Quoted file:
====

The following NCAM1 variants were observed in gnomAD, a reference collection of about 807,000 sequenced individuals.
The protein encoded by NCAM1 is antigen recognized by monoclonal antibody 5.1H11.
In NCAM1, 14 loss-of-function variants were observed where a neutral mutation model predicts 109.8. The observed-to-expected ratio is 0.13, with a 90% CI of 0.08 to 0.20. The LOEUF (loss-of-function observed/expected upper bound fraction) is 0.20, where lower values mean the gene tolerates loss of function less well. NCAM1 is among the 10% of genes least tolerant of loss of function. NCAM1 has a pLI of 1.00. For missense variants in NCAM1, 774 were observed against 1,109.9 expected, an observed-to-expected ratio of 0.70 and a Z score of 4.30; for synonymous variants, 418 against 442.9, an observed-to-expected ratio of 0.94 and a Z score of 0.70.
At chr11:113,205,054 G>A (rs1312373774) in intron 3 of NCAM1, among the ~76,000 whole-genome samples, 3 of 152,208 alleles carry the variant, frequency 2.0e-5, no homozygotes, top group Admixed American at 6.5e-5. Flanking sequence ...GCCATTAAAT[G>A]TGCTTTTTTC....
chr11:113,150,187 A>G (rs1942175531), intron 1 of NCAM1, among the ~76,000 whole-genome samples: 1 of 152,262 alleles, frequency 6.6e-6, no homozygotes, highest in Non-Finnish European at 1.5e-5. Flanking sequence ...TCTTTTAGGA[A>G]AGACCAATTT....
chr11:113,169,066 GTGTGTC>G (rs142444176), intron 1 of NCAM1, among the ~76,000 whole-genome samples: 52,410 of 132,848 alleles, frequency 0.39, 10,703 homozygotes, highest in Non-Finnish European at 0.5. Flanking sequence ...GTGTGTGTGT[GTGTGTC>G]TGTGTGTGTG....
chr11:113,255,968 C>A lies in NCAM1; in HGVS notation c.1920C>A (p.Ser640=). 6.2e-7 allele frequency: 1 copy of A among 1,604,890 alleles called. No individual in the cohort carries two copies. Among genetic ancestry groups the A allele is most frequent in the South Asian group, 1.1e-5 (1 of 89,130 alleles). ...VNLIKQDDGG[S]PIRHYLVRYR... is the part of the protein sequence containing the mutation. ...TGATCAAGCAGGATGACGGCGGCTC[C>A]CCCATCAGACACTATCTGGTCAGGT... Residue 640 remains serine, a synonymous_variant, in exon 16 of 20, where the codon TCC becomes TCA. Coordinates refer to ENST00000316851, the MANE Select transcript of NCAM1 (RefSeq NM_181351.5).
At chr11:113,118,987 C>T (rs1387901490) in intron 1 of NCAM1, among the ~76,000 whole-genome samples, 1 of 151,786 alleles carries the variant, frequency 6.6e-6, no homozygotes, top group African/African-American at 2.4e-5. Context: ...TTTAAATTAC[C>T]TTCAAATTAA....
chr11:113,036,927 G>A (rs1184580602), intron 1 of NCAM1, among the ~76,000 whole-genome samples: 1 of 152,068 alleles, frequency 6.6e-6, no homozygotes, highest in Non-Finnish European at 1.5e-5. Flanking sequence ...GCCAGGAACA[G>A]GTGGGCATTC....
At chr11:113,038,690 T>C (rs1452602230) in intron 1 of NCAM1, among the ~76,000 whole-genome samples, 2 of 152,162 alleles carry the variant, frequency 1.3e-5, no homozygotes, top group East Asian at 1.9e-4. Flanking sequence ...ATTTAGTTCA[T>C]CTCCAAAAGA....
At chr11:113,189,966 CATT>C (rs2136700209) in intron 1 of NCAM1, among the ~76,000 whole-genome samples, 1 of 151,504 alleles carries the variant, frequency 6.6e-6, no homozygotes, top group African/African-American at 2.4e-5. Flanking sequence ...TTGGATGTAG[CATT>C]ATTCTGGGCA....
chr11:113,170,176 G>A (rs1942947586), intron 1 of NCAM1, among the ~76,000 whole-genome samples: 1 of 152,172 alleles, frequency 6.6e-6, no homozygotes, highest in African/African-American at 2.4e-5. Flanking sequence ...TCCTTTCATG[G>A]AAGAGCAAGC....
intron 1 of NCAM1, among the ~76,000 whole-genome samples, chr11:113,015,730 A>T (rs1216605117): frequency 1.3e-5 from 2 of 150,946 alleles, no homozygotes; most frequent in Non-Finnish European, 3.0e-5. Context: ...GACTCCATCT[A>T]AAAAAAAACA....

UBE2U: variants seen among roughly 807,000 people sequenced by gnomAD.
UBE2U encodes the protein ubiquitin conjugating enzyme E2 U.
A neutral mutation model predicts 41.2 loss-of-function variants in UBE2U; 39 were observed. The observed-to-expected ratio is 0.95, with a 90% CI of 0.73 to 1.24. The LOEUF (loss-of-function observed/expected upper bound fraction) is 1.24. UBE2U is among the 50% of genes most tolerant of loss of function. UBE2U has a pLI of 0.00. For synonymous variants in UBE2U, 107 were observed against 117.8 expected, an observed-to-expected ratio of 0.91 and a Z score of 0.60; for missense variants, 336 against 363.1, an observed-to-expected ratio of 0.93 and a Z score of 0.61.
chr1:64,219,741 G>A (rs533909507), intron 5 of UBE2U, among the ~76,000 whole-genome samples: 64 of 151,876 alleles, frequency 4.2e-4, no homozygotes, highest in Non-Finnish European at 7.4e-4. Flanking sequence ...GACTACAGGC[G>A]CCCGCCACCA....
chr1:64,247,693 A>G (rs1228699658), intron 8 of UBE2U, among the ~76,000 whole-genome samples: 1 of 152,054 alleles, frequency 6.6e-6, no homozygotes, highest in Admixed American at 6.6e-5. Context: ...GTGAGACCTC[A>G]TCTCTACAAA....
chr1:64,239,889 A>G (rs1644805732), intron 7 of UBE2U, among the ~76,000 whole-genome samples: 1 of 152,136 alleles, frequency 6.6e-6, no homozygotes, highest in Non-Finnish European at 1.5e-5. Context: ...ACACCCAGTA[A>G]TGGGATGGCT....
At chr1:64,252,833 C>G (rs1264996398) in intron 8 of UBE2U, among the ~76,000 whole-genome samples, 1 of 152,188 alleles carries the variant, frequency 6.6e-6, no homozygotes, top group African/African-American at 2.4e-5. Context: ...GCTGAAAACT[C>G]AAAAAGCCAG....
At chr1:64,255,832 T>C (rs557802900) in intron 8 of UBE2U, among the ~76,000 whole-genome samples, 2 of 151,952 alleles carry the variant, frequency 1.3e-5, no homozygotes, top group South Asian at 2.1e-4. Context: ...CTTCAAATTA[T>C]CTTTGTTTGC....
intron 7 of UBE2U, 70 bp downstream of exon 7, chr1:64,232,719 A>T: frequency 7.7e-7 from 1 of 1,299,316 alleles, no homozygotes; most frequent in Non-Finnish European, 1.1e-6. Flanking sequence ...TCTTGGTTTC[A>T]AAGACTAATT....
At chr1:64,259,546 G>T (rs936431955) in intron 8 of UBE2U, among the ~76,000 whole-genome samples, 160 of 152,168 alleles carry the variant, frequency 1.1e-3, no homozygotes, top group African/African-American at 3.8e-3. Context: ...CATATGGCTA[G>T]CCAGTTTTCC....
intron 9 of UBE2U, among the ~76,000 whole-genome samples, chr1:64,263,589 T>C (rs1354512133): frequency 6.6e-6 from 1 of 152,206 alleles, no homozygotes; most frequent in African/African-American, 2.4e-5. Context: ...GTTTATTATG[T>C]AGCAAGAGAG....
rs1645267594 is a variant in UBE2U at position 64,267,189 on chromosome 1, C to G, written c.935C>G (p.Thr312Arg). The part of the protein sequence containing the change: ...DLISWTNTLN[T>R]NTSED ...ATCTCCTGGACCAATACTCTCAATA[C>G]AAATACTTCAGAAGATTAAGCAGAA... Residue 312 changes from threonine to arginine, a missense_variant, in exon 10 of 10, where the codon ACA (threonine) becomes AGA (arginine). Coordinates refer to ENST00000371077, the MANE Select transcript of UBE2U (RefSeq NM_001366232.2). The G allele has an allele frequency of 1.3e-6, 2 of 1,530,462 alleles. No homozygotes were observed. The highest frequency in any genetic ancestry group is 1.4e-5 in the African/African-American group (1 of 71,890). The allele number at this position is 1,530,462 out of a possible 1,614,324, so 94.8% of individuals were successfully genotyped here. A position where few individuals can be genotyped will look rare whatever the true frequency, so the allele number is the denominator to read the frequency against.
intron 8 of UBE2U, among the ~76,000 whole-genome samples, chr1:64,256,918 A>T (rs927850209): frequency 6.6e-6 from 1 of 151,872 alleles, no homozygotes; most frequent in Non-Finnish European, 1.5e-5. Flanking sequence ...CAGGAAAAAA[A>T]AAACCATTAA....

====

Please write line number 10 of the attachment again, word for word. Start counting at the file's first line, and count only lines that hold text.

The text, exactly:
At chr11:113,038,690 T>C (rs1452602230) in intron 1 of NCAM1, among the ~76,000 whole-genome samples, 2 of 152,162 alleles carry the variant, frequency 1.3e-5, no homozygotes, top group East Asian at 1.9e-4. Flanking sequence ...ATTTAGTTCA[T>C]CTCCAAAAGA....